Friday, September 27, 2013

HfM:Ch3 The Three Universal Characteristics

This is part of the Handbook for Mankind series, a review of Buddhadasa's book by the same name.  Read the full text of Chapter 3: The Three Universal Characteristics here.
See an index of my posts in this series here.

The first part of this post will be a summary of Buddhadasa's words in this chapter.  The second part of the post, the "My Take" section, will be my opinion and commentary on the chapter.

Summary - Chapter 3: The Three Universal Characteristics

The whole of the Buddha's teachings can be seen as an exposition that everything is impermanent,  not fully satisfying, and not true entities in and of themselves (non-selves); these are the Three Universal Characteristics.

Impermanence and unsatisfactoriness had been taught prior to the Buddha, but he revealed them more profoundly and related them to causation.  Non-self is only taught by Buddhism; that nothing is a self or belongs to a self.

One who perfectly understands these characteristics will not be deluded or deceived into thinking that something is worth having or becoming.  (This sense of "worth" is clarified later.)

You can't reach this level of understanding (seeing Dhamma) by simple reasoning.  However, if you have looked back on something that had you infatuated, and you then considered the trouble it had caused you, to such a point that you became disenchanted with that thing, then you can be said to have gained true understanding, and such reflection will lead you to liberation from all things.

The phrase "empty of self" could sum up the Three Universal Characteristics, and, indeed, all of Buddha's teachings.  If something is always changing, there is no permanent entity to call a self.  Perceiving this emptiness of self in all things reveals that nothing is worth getting or becoming.  This perspective prevents delusions and emotional attachment, and such understanding is truly liberating.

Now, "worth having" or "worth becoming" must be understood in a special sense.  Life itself necessitates that we will "have" and will "be" certain things.  However, we must understand the deeper truth; that this "having" and "being" are simply terms of convenience, like the sun "rising".  Truly, nothing is permanent, fully satisfying, or belonging to anyone, so we should not fool ourselves thinking that "I'm getting... I have... I'm becoming... I am..." because the thoughts of possessiveness are the source of our distress.

It is the desire in getting or becoming which causes dukkha.

Dukkha, translated usually as "suffering", and less often as "unsatisfactoriness", is pain, sickness, greed, hate, anxiety, frustration, anger, loss, discontent, sorrow, loneliness, dissatisfaction, delusion, etc.  It is anything you do not want to experience, but it also extends to positive feelings as well, given that they fail to yield lasting satisfaction.  So it is far more broad than just "suffering".  Instead, it is a status which results from the imperfection in everything.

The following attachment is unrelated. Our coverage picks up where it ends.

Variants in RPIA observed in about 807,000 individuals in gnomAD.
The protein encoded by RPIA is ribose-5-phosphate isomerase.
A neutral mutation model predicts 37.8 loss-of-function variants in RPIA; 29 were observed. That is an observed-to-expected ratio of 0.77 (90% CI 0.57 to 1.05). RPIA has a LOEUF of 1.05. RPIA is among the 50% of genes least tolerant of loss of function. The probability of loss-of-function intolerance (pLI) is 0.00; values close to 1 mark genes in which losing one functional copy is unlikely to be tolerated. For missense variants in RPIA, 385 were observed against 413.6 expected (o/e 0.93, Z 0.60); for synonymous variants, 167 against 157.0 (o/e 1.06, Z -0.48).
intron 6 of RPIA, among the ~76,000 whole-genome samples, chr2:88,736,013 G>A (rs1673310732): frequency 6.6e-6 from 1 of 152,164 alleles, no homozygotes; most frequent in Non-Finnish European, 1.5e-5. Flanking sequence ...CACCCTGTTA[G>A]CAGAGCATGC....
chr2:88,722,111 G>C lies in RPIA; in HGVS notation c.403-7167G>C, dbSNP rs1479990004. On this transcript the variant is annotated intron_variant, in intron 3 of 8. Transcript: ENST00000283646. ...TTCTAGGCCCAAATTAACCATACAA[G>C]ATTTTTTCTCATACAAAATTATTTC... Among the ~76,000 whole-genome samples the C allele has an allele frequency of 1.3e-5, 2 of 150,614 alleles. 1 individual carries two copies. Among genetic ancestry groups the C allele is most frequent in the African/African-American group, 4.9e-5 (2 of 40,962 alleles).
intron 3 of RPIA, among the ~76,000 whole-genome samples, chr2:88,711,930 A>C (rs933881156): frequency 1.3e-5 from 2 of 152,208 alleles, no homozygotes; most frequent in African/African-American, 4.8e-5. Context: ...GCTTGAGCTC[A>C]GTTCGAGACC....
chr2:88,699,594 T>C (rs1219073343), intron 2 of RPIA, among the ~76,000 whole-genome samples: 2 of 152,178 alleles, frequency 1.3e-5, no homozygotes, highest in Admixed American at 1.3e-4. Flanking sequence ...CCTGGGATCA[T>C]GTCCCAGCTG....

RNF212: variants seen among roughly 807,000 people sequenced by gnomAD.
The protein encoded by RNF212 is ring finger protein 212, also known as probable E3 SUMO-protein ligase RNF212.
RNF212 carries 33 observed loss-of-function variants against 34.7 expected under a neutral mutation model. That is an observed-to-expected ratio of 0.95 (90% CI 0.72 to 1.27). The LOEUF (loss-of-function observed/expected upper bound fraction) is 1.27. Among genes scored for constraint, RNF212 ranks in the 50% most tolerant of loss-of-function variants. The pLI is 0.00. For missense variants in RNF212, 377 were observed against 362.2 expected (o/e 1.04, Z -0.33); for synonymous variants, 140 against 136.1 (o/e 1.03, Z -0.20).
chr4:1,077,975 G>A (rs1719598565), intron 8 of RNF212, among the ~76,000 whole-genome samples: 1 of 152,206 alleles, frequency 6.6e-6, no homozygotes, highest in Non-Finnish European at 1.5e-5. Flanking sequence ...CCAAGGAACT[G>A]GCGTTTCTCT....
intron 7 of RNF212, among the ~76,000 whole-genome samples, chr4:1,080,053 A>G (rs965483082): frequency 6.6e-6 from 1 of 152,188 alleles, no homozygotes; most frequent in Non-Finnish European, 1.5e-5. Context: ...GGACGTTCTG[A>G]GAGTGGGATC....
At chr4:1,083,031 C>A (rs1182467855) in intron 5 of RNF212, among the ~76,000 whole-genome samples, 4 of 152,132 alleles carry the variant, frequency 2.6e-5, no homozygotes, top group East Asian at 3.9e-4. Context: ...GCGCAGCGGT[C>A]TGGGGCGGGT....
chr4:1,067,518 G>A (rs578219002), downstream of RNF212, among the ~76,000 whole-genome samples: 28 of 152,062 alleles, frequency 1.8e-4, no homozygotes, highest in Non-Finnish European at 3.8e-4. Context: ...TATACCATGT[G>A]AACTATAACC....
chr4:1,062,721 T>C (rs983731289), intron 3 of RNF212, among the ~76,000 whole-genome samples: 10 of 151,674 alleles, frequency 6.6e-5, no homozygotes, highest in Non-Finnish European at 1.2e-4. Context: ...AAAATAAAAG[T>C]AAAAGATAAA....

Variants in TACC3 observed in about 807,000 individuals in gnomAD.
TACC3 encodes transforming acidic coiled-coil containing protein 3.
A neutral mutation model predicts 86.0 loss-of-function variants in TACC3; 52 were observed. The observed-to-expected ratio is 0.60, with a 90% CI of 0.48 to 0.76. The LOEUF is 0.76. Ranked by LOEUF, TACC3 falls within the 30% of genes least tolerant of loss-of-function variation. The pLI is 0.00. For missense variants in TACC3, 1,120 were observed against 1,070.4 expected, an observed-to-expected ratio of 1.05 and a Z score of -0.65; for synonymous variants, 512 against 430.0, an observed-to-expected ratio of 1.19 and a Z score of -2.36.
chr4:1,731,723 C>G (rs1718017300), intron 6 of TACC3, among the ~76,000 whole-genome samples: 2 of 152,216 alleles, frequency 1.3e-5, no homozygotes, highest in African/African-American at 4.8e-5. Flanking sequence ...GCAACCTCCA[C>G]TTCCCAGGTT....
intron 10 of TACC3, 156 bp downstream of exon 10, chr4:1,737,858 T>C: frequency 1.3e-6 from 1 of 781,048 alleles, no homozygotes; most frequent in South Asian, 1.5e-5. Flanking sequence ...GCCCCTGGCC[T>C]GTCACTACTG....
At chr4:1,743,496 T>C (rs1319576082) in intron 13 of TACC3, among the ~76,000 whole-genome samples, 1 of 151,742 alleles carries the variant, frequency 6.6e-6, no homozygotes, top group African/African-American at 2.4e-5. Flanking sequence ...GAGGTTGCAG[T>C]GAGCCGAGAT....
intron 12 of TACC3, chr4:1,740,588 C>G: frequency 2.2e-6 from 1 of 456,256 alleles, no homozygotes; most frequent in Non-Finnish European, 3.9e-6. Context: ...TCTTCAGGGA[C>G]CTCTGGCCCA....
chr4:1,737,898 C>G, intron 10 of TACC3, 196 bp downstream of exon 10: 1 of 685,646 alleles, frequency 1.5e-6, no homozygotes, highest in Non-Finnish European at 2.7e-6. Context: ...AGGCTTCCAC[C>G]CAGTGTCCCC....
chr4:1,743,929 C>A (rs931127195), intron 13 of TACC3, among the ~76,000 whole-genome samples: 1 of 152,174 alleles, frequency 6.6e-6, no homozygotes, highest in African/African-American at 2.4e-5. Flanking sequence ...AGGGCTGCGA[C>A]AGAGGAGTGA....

The false instinct that things are desirable starts at birth.  We act on those desires.  If some desires are achieved, they give way to other desires.  If not achieved, we struggle until those desires are satiated in one way or another.  This cycle repeats endlessly.  Desire -> Action -> Result -> Desire...  If we can break this cycle, we can achieve Nirvana; permanent freedom from dukkha.  By contrast, anyone at any status is guaranteed to experience dukkha if they are in this cycle.  Morality alone will not break the cycle.  Right understanding will.

So desire causes dukkha, and it comes in three forms:
  1. Sensual desire (touch, taste, smell, etc.)
  2. Desire to be something (good parent, leader, healthy, respected, etc.)
  3. Desire not to be something.(foolish, wrong, sick, in trouble, incarcerated, etc.)
We will experience dukkha in proportion and degree of our desires.  Both evil and good people experience dukkha in accordance with their desires, even if those who do good sometimes experience dukkha in ways that they do not realize.  So we must go beyond good to attain complete liberation from dukkha.  This teaching is not in any other religion.

We can eliminate desire by carefully observing the Three Universal Characteristics in everything.  Ask yourself: what is there that does not bring about dukkha?  Every choice you make brings consequences, opportunity costs, or the burden of responsibilities.  Even things which appear good inherently drive us to maintain or protect them, or otherwise be anxious about their destruction or loss.

Once desire is replaced with clear understanding, attitudes toward things change.  For example, a person with clear understanding does not crave delicious tastes, but rather sees food as a means of sustaining the body.

Although people with clear understanding of the true nature of things inherently lose all desire, they tend to work harder, better, and more benevolently because they are motivated by wisdom.  These people make decisions not based on desires, but rather by objective evaluations which point to the most suitable actions.  While we may worry about the trials and tribulations that come with actions when motivated by desire, these people instead handle all perturbations with peaceful equanimity.